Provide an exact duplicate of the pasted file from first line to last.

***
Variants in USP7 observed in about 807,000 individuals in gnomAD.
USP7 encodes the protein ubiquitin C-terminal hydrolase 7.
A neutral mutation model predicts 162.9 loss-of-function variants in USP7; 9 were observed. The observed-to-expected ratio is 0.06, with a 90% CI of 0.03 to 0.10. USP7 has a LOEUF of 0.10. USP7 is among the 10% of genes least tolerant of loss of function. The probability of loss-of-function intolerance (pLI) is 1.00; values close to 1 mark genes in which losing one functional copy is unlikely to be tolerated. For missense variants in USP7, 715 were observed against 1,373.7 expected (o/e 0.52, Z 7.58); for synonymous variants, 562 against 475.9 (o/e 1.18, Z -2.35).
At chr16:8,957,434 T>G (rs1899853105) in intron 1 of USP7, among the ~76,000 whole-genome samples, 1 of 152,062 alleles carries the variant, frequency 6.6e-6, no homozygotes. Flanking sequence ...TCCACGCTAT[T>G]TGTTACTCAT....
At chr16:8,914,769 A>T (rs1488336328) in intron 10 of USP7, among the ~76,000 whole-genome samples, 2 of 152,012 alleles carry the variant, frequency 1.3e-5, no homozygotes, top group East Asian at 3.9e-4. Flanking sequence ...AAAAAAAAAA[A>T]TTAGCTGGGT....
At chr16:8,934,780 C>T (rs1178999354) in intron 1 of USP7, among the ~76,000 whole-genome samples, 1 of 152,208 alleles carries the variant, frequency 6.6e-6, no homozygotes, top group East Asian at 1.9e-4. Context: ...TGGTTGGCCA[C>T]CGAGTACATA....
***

Variants in USP7 observed in about 807,000 individuals in gnomAD.
USP7 encodes the protein ubiquitin C-terminal hydrolase 7.
A neutral mutation model predicts 162.9 loss-of-function variants in USP7; 9 were observed. The observed-to-expected ratio is 0.06, with a 90% CI of 0.03 to 0.10. USP7 has a LOEUF of 0.10. USP7 is among the 10% of genes least tolerant of loss of function. The probability of loss-of-function intolerance (pLI) is 1.00; values close to 1 mark genes in which losing one functional copy is unlikely to be tolerated. For missense variants in USP7, 715 were observed against 1,373.7 expected (o/e 0.52, Z 7.58); for synonymous variants, 562 against 475.9 (o/e 1.18, Z -2.35).
At chr16:8,957,434 T>G (rs1899853105) in intron 1 of USP7, among the ~76,000 whole-genome samples, 1 of 152,062 alleles carries the variant, frequency 6.6e-6, no homozygotes. Flanking sequence ...TCCACGCTAT[T>G]TGTTACTCAT....
At chr16:8,914,769 A>T (rs1488336328) in intron 10 of USP7, among the ~76,000 whole-genome samples, 2 of 152,012 alleles carry the variant, frequency 1.3e-5, no homozygotes, top group East Asian at 3.9e-4. Flanking sequence ...AAAAAAAAAA[A>T]TTAGCTGGGT....
At chr16:8,934,780 C>T (rs1178999354) in intron 1 of USP7, among the ~76,000 whole-genome samples, 1 of 152,208 alleles carries the variant, frequency 6.6e-6, no homozygotes, top group East Asian at 1.9e-4. Context: ...TGGTTGGCCA[C>T]CGAGTACATA....